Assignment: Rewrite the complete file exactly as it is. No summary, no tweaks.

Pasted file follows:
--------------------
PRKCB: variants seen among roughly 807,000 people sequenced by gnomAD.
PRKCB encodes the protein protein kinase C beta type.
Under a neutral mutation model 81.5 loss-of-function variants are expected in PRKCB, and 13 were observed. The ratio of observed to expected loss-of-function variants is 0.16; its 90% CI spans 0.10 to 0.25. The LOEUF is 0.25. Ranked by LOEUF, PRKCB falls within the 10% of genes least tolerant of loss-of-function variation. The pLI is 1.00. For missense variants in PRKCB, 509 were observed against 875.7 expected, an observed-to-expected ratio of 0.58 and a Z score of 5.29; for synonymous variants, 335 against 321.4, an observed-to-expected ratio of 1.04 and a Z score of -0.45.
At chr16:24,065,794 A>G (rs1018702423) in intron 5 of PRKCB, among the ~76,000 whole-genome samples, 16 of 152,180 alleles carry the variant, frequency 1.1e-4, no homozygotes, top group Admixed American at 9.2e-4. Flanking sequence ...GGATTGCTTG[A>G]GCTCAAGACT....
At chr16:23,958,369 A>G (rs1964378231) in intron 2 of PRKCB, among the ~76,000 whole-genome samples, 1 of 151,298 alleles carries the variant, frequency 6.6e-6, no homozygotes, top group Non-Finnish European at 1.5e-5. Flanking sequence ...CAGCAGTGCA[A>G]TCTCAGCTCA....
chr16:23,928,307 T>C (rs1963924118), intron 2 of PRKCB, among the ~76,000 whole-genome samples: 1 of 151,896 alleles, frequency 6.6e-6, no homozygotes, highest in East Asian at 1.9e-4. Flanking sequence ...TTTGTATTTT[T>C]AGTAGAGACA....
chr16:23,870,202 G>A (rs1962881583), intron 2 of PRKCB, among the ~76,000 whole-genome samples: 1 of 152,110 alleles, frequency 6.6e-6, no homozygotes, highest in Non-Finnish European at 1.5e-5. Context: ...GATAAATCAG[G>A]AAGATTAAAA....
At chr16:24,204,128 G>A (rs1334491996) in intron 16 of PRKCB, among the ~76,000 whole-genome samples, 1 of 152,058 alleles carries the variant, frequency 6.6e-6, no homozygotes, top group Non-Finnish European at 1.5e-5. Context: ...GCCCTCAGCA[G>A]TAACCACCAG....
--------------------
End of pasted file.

PRKCB: variants seen among roughly 807,000 people sequenced by gnomAD.
PRKCB encodes the protein protein kinase C beta type.
Under a neutral mutation model 81.5 loss-of-function variants are expected in PRKCB, and 13 were observed. The ratio of observed to expected loss-of-function variants is 0.16; its 90% CI spans 0.10 to 0.25. The LOEUF is 0.25. Ranked by LOEUF, PRKCB falls within the 10% of genes least tolerant of loss-of-function variation. The pLI is 1.00. For missense variants in PRKCB, 509 were observed against 875.7 expected, an observed-to-expected ratio of 0.58 and a Z score of 5.29; for synonymous variants, 335 against 321.4, an observed-to-expected ratio of 1.04 and a Z score of -0.45.
At chr16:24,065,794 A>G (rs1018702423) in intron 5 of PRKCB, among the ~76,000 whole-genome samples, 16 of 152,180 alleles carry the variant, frequency 1.1e-4, no homozygotes, top group Admixed American at 9.2e-4. Flanking sequence ...GGATTGCTTG[A>G]GCTCAAGACT....
At chr16:23,958,369 A>G (rs1964378231) in intron 2 of PRKCB, among the ~76,000 whole-genome samples, 1 of 151,298 alleles carries the variant, frequency 6.6e-6, no homozygotes, top group Non-Finnish European at 1.5e-5. Flanking sequence ...CAGCAGTGCA[A>G]TCTCAGCTCA....
chr16:23,928,307 T>C (rs1963924118), intron 2 of PRKCB, among the ~76,000 whole-genome samples: 1 of 151,896 alleles, frequency 6.6e-6, no homozygotes, highest in East Asian at 1.9e-4. Flanking sequence ...TTTGTATTTT[T>C]AGTAGAGACA....
chr16:23,870,202 G>A (rs1962881583), intron 2 of PRKCB, among the ~76,000 whole-genome samples: 1 of 152,110 alleles, frequency 6.6e-6, no homozygotes, highest in Non-Finnish European at 1.5e-5. Context: ...GATAAATCAG[G>A]AAGATTAAAA....
At chr16:24,204,128 G>A (rs1334491996) in intron 16 of PRKCB, among the ~76,000 whole-genome samples, 1 of 152,058 alleles carries the variant, frequency 6.6e-6, no homozygotes, top group Non-Finnish European at 1.5e-5. Context: ...GCCCTCAGCA[G>A]TAACCACCAG....